The Humbling” should have been a better movie than “Birdman.” But it isn’t. It is a deeper, far less facile, character study of a suicidal actor, closer to Bergman’s “Persona” and Cassavetes’ “Opening Night” than director Alejandro González Iñárritu’s front runner in the Oscar race. Buck Henry did a splendid job of adapting Philip Roth’s novel, and Barry Levinson’s direction of Al Pacino is more honest and sympathetic than the impressive hoops of fire through which Michael Keaton so gracefully glides. But “Birdman” also boasts a brilliant performance from the long dormant Edward Norton, as well as solid support from the rest of the cast. Pacino gets no such support. His leading lady, Greta Gerwig, darling of the mumblecore cult, proves she has no business working with professional actors. She is a total washout. And when an actor finds himself is the predicament of performing with an incompetent partner, he tends to overact out of desperation to give life to the scenes. So here we have Pacino saddled with a rank amateur, zealously in overdrive, while Keaton glides comfortable through his scenes with reliable support from every actor in the ensemble. When I think of “Birdman, I remember Norton’s brilliant “truth or dare” scene with Emma Stone, the hilarious thespian jousts between Norton with Keaton, and Keaton’s antagonistic exchanges with Lindsay Duncan’s theatre critic. All I remember from “The Humbling” is Al Pacino. And as good as he is, it is not enough.
From the 1930’s through the 1980’s, much of the literary and dramatic content of Hollywood films originated in the theater.
The 30’s: Holiday, Petrified Forest, Twentieth Century, You Can’t Take it With You
The 40’s: Casablanca, The Little Foxes, Gaslight, The Long Voyage Home, Rope, the Philadelphia Story, Our Town
The 50’s: A Streetcar Named Desire, Cat on a Hot Tin Roof, The Big Knife, Born Yesterday, The Country Girl, Death of a Salesman
The 60’s: Who’s Afraid of Virginia Woolf, The Children’s Hour, The Best Man, Long Day’s Journey Into Night, A Raisin in the Sun, The Odd Couple
The 70’s: The Boys in the Band, Equus, The Goodbye Girl
Not to mention the British plays. From the Elizabethans to the angry young men of the 50’s and 60’s, world cinema been enriched by the work of British playwrights.
The influence of the theater on the cinema lessened as the theater became less a forum for dramatic plays and more a spectacle diversion for tourists in New York. The decline began in the 80’s, with the flourishing of only a few writers, the best of whom (Mamet and Shepard) were second-rate. Movies from plays, such as Fool for Love, Talk Radio, and Night Mother were eclipsed by space operas and erotic thrillers. Mamet’s original screenplays such as The Verdict fared better than About Last Night, the brat pack adaptation of Sexual Perversity in Chicago. And once Sam Shepard hooked up with Jessica Lange, he became more interest in becoming a movie star than writing plays.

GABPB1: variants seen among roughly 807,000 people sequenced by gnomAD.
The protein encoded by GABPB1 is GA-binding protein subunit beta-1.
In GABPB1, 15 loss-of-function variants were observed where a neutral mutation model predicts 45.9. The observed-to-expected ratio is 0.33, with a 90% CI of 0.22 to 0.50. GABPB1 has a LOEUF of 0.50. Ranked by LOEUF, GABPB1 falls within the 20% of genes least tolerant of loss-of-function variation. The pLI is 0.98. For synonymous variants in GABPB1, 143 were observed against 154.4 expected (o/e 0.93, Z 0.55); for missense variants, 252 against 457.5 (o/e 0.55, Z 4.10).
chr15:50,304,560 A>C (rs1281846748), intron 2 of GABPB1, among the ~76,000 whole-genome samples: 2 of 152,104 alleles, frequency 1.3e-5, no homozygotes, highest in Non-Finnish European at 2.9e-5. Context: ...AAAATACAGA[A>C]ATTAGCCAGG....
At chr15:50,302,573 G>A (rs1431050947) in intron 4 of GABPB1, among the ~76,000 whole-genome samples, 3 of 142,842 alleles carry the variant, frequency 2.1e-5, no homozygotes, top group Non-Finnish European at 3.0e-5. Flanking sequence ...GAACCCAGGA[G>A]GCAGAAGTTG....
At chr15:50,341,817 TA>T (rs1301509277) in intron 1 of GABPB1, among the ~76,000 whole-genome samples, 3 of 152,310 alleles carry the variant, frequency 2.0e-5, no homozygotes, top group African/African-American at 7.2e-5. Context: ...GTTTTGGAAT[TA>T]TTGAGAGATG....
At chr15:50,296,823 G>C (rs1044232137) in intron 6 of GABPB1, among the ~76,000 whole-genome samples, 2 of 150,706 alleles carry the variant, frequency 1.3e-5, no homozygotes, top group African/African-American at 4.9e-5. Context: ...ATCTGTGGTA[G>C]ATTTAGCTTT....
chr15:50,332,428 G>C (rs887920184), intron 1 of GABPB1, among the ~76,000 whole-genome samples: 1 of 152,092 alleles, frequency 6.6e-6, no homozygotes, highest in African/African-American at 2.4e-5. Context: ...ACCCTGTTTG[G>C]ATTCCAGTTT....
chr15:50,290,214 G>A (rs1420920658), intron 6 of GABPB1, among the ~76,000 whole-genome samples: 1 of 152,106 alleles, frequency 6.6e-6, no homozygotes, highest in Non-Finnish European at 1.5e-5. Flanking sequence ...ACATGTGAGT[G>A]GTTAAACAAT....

Furthermore, for an example of just how disinterested Hollywood was in the theater, consider Lanford Wilson’s “Burn This.” The game-changing performance by John Malkovitch completely changed the way young actors viewed their profession. Not since Marlon Brando played Stanley Kowalski had a generation of actors been so inspired to study and emulate such a bold departure from what had been considered the rules and standards of performance. And yet, shockingly, no film was made of “Burn This,” and Malkovitch, although his work as a film actor has had a profound influence on directions taken by contemporary leading men, has not been perserved, and that has seriously diminished the impact this performance might have had upon mainstream film acting.
This millennium has seen a resurgence in plays being adapted for the screen While some decent movies have come of it (Closer, Bug, Frost/Nixon, Silver Linings Playbook), they haven’t done much in terms of raising the bar for screenwriters.
Quite the reverse. The low quality of made-to-order film scripts has virtually demolished the standards that were once demanded of a writer in order that his play be deemed stage-worthy. Which brings us to “Match,” Stephen Belber’s mediocre, three-character paternity comedy/drama set primarily in a single room.
The play bombed when it was produced in 2004. Belber himself directs the 2014 movie version, which isn’t doing much business either. The acting, from Patrick Stewart, Carla Gugino, and especially Matthew Lillard, whose break is overdue after having been wasted for the last twenty years in unsubstantial roles, is pretty good.
But the script stinks. It is as improbable yet palpably predictable as the worst piece of garbage ever manufactured by a screen-writing writer’s group. If the agents are really looking for trite, cliché-infested scripts that slavishly follow the imbecilic template taught by brainless, anti-creative writing teachers, they might have to start combing the archives for past Broadway flops.